# 1.5: Procedure

## 1.5.1: RL Circuit

1. Using Figure 1.4.1 with E = 10 V, R = 47 k$$\Omega$$, and L = 10 mH, calculate the time constant and record it in Table 1.6.1. Also, calculate and record the expected steady state inductor voltage in Table 1.6.2.

2. Set the power supply to 10 V but do not hook it up to the remainder of the circuit. After connecting the resistor and inductor, connect the DMM across the inductor set to read DC voltage (20 volt scale).

3. Connect the power supply to the circuit. The circuit should reach steady state very quickly, in much less than one second. Record the experimental inductor voltage in Table 1.6.2. Also, compute and record the percent deviation between experimental and theory in Table 1.6.2.

## 1.5.2: RC Circuit

4. Using Figure 1.4.2 with E = 10 V, R1 = 47 k$$\Omega$$, R2 = 10k and C = 1 $$\mu$$F, calculate the time constant and record it in Table 1.6.3. Also, calculate and record the expected steady state capacitor voltage in Table 1.6.4.

5. Set the power supply to 10 V but do not hook it up to the remainder of the circuit. After connecting the resistors and capacitor, connect the DMM across the capacitor set to read DC voltage (20 volt scale).

6. Connect the power supply to the circuit. The circuit should reach steady state quickly, in under one second. Record the experimental capacitor voltage in Table 1.6.4. Also, compute and record the percent deviation between experimental and theory in Table 1.6.4.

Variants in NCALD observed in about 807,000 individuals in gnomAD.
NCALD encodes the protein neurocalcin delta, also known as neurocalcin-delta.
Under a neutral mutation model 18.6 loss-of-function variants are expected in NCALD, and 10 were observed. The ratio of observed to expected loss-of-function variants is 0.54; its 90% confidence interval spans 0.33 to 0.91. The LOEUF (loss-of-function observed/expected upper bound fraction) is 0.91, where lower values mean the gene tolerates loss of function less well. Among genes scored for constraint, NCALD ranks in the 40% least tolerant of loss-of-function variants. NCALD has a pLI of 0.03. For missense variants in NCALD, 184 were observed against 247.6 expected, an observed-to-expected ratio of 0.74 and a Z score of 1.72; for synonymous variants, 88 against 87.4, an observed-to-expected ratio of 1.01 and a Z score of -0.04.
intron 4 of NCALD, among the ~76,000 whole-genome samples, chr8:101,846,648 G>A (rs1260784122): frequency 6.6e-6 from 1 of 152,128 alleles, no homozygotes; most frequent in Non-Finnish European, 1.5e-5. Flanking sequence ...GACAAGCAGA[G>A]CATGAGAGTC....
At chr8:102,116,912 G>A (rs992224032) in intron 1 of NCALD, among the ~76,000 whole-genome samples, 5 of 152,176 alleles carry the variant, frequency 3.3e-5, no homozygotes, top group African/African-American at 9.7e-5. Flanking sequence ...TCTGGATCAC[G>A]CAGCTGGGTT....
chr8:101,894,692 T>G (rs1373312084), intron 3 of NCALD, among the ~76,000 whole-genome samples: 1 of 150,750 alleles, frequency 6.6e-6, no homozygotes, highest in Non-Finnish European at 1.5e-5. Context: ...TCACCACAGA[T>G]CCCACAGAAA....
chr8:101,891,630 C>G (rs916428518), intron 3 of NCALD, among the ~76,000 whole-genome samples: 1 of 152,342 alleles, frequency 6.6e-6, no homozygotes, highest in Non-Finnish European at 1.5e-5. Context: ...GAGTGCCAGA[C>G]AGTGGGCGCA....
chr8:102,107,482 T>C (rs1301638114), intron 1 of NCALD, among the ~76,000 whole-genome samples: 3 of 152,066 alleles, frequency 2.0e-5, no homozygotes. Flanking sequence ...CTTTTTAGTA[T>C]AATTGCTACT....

## 1.5.3: RC Circuit (long time constant)

7. Using Figure 1.4.2 with E = 10 V, R1 = 47k, R2 = 10 k$$\Omega$$ and C = 470 $$\mu$$F, calculate the time constants and record them in Table 1.6.5. Also, calculate and record the expected steady state capacitor voltage (charge phase) in Table 1.6.5.

8. Set the power supply to standby, and after waiting a moment for the capacitor to discharge, remove the capacitor and replace it with the 470 $$\mu$$F. Connect the DMM across the capacitor set to read DC voltage (20 volt scale).

9. Energize the circuit and record the capacitor voltage every 10 seconds as shown in Table 1.6.6. This is the charge phase.

10. Disconnect the power supply from the circuit and record the capacitor voltage every 10 seconds as shown in Table 1.6.7. This is the discharge phase.

11. Using the data from Tables 1.6.6 and 1.6.7, create two plots of capacitor voltage versus time and compare them to the theoretical plots found in the text.